Public entities in digital transformation – New frontiers of cooperation
Can public entities be forerunners in implementing digital technologies and how can companies be involved in the development process?
Ultimate goal: Be great at serving your customers
The goal in using digital technologies is to serve customers more efficiently. In the case of public organizations customers being us, the people. The Finnish Ministry of Finance currently develops a platform gathering up all public digital services and best practices of implementing these solutions (beta.digisuomi.fi). The State Treasury also organized a new function, D9, dedicated to realizing the digital objective. The main driver behind utilizing digital technologies, as noted on both sites, is to serve customers better than before. For example, The Social Insurance Institution of Finland, Kela, has already announced its intention to make a large investment in automation in order to cut waiting time and improve customer experience. Many public processes carry high potential for automation and digital development. In some cases, the potential for digitalization is even higher when envisioned to be used across organizational boundaries. Collecting data in more centralized systems available for multiple uses, could greatly enhance service and optimize governmental operations.
On the other hand, the Finnish government is under pressure to reduce its general costs. The set goal is to cut costs by 10 billion euros between 2019 and 2029, of which the health- and social services reform (SOTE) is intended to cover 3 billion euros. The so called “SOTE”-reform is going to change fundamentally the structure of Finnish health services; The nation will be divided into five SOTE-districts that are allowed to provide services themselves as well as via private operators. Citizens can choose their own primary healthcare center, which increases competition between providers. On the customer’s perspective, the reform is envisioned to improve service quality and freedom of choice as well as abolish inequality between different service districts and income-groups. The government relies heavily in the assistance of digital technologies in organizing and operating SOTE. Data sharing between multiple, previously separate systems needs to be realized for the reform to function. In addition, other areas of digital service development, such as remote health services and personal health data banks, have been identified. According to Tuomas Pöysti, Undersecretary, and Project Manager to reorganizing Finnish social- and health services (SOTE), many of the new services are developed in cooperation with private operators.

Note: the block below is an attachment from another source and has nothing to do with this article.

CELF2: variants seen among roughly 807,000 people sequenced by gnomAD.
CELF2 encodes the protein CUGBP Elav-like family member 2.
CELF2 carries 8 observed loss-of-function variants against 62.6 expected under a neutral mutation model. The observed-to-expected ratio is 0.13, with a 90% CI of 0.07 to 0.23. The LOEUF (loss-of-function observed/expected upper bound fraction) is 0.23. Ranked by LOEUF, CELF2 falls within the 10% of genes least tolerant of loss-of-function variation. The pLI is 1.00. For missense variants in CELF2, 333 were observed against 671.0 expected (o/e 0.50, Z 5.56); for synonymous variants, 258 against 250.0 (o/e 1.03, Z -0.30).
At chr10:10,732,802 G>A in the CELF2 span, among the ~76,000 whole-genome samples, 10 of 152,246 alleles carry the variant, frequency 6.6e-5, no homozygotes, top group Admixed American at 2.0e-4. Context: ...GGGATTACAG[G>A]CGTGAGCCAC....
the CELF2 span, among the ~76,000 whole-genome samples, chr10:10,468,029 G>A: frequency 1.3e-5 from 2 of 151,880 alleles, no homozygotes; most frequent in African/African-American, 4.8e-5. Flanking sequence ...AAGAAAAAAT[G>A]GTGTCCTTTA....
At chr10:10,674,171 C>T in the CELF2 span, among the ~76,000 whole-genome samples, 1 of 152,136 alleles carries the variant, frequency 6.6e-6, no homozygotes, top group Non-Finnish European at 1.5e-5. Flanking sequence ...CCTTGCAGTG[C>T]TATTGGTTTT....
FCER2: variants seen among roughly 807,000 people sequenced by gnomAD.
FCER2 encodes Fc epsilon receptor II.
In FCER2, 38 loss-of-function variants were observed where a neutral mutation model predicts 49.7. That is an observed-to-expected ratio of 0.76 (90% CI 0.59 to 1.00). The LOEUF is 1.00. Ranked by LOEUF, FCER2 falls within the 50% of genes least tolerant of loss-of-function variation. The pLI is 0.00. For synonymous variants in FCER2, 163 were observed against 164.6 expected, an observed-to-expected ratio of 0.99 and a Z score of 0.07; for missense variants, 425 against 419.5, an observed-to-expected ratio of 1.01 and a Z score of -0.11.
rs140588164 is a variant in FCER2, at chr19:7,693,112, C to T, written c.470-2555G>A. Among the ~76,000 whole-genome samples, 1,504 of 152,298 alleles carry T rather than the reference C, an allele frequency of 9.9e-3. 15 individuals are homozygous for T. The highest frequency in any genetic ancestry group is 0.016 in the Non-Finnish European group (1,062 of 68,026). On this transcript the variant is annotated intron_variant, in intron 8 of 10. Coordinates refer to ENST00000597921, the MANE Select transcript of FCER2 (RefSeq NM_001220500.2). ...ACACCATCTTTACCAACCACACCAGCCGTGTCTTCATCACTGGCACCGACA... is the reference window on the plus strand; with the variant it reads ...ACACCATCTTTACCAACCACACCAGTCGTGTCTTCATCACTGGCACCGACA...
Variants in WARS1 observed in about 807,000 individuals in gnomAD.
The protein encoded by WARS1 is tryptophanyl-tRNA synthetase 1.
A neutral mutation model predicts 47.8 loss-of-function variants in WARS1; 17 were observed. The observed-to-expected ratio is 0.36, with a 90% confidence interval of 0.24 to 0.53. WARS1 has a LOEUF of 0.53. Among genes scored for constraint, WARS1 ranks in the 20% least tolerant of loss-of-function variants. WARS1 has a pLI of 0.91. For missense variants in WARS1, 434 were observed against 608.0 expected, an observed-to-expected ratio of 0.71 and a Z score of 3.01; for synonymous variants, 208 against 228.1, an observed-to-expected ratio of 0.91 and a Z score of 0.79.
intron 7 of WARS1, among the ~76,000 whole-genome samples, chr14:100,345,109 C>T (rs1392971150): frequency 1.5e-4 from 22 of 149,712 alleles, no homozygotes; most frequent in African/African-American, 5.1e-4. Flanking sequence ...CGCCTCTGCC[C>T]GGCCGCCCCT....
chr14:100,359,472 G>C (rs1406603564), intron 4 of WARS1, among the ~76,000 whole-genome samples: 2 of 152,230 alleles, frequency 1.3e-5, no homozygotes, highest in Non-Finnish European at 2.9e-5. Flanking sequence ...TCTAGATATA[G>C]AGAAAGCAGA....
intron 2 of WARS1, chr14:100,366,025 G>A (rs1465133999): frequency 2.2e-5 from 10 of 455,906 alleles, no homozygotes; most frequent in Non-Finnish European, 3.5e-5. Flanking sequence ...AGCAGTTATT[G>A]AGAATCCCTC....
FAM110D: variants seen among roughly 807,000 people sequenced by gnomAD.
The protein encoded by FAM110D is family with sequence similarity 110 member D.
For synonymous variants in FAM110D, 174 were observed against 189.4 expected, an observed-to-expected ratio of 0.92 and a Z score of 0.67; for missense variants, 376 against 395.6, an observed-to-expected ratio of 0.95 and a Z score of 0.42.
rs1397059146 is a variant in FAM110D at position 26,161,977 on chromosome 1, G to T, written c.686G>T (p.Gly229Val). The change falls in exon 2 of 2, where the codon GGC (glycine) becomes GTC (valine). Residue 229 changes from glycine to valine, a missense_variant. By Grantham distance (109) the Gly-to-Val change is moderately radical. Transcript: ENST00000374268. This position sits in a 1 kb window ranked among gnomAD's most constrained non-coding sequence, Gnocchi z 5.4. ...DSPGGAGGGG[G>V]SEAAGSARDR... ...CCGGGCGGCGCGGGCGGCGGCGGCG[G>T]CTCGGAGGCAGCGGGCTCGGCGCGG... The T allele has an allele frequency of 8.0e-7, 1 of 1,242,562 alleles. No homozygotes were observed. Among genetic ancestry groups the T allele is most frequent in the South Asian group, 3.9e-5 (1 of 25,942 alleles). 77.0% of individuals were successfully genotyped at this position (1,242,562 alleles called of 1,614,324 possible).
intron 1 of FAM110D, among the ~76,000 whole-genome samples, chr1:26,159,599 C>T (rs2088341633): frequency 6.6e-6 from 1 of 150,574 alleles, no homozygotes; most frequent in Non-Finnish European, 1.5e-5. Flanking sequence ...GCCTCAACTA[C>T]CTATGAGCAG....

As the Finnish government moves ahead with its intention to supercharge digitalization, many opportunities for business arise. Private operators can serve simply as service providers or suppliers, but also take part in more cooperative development projects. To identify these synergies, having an active dialogue between public and private sector operators is imperative. Building mutual understanding also reduces the sense of risk related to exploring new opportunities – technological or otherwise.
Unfortunately, public discussions on the subject of digitalization tend to be quite vague or have their focus on long-term broad visions. These visions need to be complemented by more specialized/operational conversations that address the points of action – challenges and capabilities – where synergies are best found. Building mutual understanding also creates an opportunity to leverage new technologies beyond their most obvious applications to maximize benefits.
The opportunity of RPA
Since its founding, Digital Workforce has actively engaged in discussions with public sector operators to understand the unique processes that take place in these organizations. The company conducted a research across Finnish public healthcare districts in 2016, that measured healthcare professionals’ use of time. The Tekes funded study indicated that doctors and nurses used on average 30 min a shift on double registrations (registering previously registered information again in a different system). Of doctors 83% reported poor communication between systems and 63% reported using over 4 hours a shift on computer based knowledge work. The findings suggested a major need for integration and automation. In the context of SOTE a savings potential of 300-400 million euros was calculated by eliminating double registration with Robotic Process Automation.
Based on the developed understanding, Digital Workforce has had the opportunity to work with Finnish public sector operators pioneering the use of RPA. Some of our public healthcare projects were discussed in our previous article.
Despite the success, many more public opportunities remain untouched. As pointed out by Leena Niemistö, 2016 business angel of the year, in many cases solutions to current problems already exist but organizational practices need to adjust to the changes brought forward by technological development. In the case of RPA being utilized by Finnish public sector, scaling up and exploring the technology as a strategical tool holds great potential.
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